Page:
A sample of the SDO's images

All photos: Solar Dynamics Observatory/NASA

Over the weekend, NASA's Solar Dynamics Observatory (SDO) hit a major milestone. Just under five years after its launch, on Jan. 19, SDO captured its 100 millionth image of the sun. That's eight whole zeros, folks.

Using the Atmospheric Imaging Assembly (AIA), an instrument which, as NASA explains, "uses four telescopes working parallel to gather eight images of the sun – cycling through 10 different wavelengths – every 12 seconds," as well as two other instruments on board, SDO delivers an incredible 1.5 terabytes of data each and every day. That's 57,600 detailed images of the sun every 24 hours.

To celebrate the achievement, we thought, we'd share eight of our favorite images of the sun from SDO since it went live. Prepare to be dazzled.  

A long filament eruption

A long filament eruption on the sun

On Aug. 31, 2012, SDO captured this beauty. The image shows a long filament of solar material that had been in the sun's atmosphere as it erupted into space. This shot by itself is stunning, but it also had real world effects down here on Earth. The coronal mass ejection traveled at more than 900 miles per second and caused auroras to appear on Earth just days later.

Partial lunar eclipse

A partial lunar eclipse

Most of the time, SDO's view of the sun is unobstructed. However, a few times a year, the moon creeps into the frame of the image like a lunar photobomb. In this picture taken on Nov. 22, 2014, we see that the moon's disk is partially blocking the solar corona. If you check out the edge of the moon, you'll notice that it's not a perfect circle, and thanks to the high-res image, we can actually see mountains along the edge.

Coronal loops

Coronal loops from the sun

In October of 2014, SDO captured expanding coronal loops that can be seen along the edge of the sun. As NASA explains, "The bright loops began to form and grow after a long-lasting M-class flare erupted. The arcs of the loops we see in extreme ultraviolet light are actually particles spiraling along magnetic field lines arcing above the active region that was the source of the flare. They are reorganizing the magnetic field after its disruption." To make it all the more impressive, these loops extend out over 15 times the size of Earth.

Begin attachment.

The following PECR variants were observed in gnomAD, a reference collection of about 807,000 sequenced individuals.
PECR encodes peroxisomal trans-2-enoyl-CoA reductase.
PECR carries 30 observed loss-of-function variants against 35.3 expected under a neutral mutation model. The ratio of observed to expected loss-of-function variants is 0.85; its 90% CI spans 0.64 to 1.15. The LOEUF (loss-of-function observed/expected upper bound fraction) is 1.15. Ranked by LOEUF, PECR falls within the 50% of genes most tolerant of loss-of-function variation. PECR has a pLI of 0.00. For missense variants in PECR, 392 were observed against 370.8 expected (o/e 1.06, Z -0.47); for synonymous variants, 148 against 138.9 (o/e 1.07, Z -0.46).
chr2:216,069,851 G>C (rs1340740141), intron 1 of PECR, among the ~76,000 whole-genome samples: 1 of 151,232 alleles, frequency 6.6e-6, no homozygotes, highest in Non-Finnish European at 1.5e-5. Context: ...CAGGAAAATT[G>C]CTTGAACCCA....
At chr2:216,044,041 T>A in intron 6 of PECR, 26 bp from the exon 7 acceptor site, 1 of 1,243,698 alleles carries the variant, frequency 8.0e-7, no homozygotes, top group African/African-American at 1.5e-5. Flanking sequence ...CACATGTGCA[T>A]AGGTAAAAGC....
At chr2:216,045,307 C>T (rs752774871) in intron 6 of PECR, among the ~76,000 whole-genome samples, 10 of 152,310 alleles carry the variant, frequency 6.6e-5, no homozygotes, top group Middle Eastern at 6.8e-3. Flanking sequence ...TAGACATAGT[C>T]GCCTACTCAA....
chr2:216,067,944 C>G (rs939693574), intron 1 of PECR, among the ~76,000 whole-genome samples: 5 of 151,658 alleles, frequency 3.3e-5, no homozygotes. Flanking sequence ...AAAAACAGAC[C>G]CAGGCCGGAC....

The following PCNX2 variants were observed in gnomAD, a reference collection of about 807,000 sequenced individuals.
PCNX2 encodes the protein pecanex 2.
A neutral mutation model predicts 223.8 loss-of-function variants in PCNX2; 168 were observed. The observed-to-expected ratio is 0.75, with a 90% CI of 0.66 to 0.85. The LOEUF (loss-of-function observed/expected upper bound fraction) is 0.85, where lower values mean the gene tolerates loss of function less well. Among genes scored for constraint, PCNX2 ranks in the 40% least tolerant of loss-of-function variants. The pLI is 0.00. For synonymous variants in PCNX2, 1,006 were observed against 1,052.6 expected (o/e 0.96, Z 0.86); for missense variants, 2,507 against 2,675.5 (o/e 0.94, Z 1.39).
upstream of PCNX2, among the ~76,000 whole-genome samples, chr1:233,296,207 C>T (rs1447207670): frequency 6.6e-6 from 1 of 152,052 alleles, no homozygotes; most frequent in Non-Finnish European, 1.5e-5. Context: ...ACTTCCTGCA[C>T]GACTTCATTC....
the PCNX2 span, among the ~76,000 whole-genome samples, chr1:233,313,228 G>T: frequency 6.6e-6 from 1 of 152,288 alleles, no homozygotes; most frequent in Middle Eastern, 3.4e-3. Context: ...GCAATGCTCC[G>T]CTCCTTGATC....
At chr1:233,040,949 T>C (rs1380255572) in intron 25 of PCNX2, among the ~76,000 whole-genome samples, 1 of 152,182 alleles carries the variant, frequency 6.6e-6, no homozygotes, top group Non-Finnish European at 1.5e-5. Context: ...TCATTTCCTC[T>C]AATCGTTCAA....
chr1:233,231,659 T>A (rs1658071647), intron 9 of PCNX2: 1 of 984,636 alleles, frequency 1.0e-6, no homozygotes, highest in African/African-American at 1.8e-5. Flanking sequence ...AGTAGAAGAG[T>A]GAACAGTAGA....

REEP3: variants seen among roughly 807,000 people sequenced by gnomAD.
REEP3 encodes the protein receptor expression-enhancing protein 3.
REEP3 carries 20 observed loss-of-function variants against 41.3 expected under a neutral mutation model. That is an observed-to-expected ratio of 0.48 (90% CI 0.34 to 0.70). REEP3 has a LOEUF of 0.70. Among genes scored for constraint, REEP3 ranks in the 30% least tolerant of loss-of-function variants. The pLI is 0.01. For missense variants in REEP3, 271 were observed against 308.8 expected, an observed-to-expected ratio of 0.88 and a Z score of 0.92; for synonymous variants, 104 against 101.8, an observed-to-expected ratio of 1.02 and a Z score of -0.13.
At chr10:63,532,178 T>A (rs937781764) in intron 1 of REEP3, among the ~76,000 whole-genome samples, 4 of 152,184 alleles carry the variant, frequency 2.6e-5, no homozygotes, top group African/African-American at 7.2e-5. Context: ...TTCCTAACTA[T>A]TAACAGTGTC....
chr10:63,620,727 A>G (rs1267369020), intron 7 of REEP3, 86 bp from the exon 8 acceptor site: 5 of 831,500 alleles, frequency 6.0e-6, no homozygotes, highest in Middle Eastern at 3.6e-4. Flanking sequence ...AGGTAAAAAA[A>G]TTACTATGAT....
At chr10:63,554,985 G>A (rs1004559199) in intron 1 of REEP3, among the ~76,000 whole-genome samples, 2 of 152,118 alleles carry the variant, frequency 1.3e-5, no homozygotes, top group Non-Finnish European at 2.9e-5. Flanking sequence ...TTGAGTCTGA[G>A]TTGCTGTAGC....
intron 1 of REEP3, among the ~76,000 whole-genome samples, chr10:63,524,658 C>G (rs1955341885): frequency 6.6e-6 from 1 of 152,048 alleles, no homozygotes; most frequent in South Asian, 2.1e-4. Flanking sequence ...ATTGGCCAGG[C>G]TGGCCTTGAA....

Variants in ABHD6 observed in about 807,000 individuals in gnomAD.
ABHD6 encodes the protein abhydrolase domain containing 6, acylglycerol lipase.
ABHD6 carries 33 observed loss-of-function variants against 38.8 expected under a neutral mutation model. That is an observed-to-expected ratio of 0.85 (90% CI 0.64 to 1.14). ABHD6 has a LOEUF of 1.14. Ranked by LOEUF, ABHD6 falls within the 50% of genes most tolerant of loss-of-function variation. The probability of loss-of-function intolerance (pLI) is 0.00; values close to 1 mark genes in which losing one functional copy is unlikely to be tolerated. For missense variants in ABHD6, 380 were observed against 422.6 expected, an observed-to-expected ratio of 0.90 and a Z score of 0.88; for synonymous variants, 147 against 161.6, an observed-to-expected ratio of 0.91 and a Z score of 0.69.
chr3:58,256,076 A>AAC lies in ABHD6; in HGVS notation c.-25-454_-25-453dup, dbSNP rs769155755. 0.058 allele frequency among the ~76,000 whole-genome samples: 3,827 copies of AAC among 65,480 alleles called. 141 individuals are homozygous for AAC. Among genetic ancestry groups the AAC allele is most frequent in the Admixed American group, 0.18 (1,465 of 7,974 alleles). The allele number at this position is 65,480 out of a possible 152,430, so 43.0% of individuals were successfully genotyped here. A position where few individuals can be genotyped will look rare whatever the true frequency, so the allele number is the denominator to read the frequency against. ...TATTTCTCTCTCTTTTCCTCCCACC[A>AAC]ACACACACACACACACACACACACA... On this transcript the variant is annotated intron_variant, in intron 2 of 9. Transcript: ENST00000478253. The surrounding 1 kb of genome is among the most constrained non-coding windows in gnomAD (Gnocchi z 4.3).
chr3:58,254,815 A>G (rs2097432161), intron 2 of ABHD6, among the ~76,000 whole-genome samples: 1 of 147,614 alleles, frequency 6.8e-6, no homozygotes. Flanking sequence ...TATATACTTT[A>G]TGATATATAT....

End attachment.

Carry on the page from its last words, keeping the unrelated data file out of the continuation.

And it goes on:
Star-forming eruptions

Material from the sun lifts off the star's surface only to be pulled back in

On June 7, 2011, SDO snapped this image of a massive eruption as it lifted cool and dark material into the corona. The majority of that material came back down into the sun where the gravitational energy caused it to heat up to over a million degrees. The NASA scientists determined that this event, captured for all of us to see, is a miniature example of what happens as stars form and collect gases with a little help from gravity. As this kind of event rarely ever happens so close to home, it allowed scientists to study the phenomenon up close.

The old man in the sun

A form of a face appears in the sun's surface

People usually talk about the man in the moon, but here we see that our celestial friend actually lives in the sun. The image is a great tool to show people the different parts of the sun. The dark area that looks like a mouth shows cooler material, the eyes are made up of hot material, and the hair shows the matter that floats in the sun’s atmosphere.

The path of Venus

The June 2012 transit of Venus

Back in June of 2012 Venus was making her way across the sun, dazzling stargazers who were able to catch a glimpse. SDO took advantage of the opportunity and captured the event in detail, resulting in the best images of a transit ever taken.

Composite of 25 images of the sun

A composite image of the sun

This incredible image isn't just a single picture. It's 25 separate images of the sun taken between April 16, 2012 and April 15, 2013. SDO’s Atmospheric Imaging Assembly took a picture of the sun every 12 seconds in 10 different wavelengths. Even better? They created a video to show you the journey the sun took over the course of three years. NASA notes that, because the SDO spacecraft moves closer and farther away from the sun, the sun appears bigger and smaller in size while watching the video. The images show solar flares, coronal mass ejections, and even space weather that sends solar material toward Earth, sometimes interfering with satellites in space.

The 100,000,000th image

SDO's 100 millionth image of the sun

And last but certainly not least, we have for you the 100 millionth image taken by the Solar Dynamics Observatory. In it you will see the dark areas at the bottom which are coronal holes. A coronal hole is a low density region on the sun's outer atmosphere.

We take our hats off to the scientists at NASA who continue to help us understand the universe, even from millions of miles away. We're sure the next 100 million photos will be just as illuminating, helping us get to know our very own star.

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